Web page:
Digital Forensics Incident Response and “Fake” Accounts on Social Media
As a current Digital Forensics Researcher and Digital Marketing company owner, I tend to watch trends in the digital forensic field as they pertain to social media marketing and digital marketing. I was reviewing a client’s Twitter followers and noticed a large abnormal drop in their followers. After a short panic and more research, I learned Twitter and Facebook had deleted a few hundred accounts and categorized them as “fake” out of Russia and Iran.
Normally this would not concern me, but I started looking at a few trends in the digital forensics market and noticed that several software companies had large drops in Twitter followers in the time period Twitter canceled the accounts.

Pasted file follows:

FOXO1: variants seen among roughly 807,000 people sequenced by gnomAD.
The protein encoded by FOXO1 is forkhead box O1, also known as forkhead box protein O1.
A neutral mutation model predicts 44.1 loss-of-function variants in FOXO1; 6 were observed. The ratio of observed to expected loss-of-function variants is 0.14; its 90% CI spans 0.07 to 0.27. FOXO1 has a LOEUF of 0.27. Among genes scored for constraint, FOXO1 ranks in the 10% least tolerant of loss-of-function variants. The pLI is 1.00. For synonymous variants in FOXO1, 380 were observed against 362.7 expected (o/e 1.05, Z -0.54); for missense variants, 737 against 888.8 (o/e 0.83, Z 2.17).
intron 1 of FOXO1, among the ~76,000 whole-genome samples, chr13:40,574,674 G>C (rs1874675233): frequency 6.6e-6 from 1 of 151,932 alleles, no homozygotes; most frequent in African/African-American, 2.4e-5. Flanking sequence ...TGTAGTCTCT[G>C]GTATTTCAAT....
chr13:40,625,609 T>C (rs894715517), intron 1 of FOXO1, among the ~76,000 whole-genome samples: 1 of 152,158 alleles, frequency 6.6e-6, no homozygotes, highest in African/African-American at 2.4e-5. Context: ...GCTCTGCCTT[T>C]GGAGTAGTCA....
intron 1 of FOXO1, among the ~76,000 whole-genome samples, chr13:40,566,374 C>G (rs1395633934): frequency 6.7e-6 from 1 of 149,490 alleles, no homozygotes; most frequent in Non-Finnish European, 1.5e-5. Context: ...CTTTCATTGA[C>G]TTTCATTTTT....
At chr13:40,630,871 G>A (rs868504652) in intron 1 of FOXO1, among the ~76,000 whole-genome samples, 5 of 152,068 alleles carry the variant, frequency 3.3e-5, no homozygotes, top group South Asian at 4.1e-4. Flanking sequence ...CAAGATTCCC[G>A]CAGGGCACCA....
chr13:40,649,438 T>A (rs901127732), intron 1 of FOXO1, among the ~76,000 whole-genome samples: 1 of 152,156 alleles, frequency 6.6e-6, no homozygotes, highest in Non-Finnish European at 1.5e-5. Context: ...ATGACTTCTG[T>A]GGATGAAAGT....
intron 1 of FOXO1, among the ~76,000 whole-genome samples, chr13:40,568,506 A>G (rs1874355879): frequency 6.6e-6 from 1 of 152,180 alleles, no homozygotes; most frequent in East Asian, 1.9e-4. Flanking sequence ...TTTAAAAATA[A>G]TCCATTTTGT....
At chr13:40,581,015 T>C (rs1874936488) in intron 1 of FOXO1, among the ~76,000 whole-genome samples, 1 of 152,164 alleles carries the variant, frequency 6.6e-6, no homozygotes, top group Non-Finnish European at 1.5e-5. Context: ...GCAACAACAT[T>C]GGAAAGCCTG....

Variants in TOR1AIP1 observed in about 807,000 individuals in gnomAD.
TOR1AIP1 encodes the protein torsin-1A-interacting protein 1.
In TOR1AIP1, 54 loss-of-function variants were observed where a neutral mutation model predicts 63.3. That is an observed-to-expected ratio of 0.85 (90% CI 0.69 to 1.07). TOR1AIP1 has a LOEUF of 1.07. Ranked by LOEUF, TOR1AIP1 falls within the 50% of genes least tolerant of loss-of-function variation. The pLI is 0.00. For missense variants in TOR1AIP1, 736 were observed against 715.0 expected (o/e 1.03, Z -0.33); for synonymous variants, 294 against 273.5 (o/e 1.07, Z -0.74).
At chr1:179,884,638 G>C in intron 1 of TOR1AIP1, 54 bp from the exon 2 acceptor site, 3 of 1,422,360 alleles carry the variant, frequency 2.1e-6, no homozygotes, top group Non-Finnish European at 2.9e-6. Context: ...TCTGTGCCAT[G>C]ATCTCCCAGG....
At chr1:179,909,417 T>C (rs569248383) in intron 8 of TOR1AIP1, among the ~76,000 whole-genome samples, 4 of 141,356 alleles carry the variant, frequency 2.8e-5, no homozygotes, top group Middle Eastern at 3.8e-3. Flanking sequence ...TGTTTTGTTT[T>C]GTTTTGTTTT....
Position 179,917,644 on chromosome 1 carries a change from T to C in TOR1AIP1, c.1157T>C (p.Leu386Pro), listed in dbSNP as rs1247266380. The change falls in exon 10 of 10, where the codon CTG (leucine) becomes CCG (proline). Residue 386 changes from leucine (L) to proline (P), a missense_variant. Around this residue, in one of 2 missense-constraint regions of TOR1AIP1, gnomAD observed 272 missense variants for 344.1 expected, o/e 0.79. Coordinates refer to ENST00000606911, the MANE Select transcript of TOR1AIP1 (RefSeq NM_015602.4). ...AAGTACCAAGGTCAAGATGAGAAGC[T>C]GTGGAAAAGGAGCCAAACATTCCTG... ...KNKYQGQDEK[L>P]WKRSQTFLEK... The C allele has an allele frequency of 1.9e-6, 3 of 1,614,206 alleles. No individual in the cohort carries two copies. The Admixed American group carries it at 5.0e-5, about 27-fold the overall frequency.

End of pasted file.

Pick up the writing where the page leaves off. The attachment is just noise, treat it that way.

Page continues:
Why does this concern us?
It appears (I do stress appears) that these fake social media accounts were purposely following digital forensics and incident response companies. My first question is “why”? Was it a random following act or more targeted. Were there other motivations involved? We may never know.
I did create a video where I show the charts and date ranges of the Twitter deletion and you can clearly see where it happens across many DFIR companies.
Moral of this article is to watch your social media management efforts and stay aware as to who may be following you, why they are following you. Not an easy task, but spread the word to both Digital Marketing folks and Digital Forensic Investigators.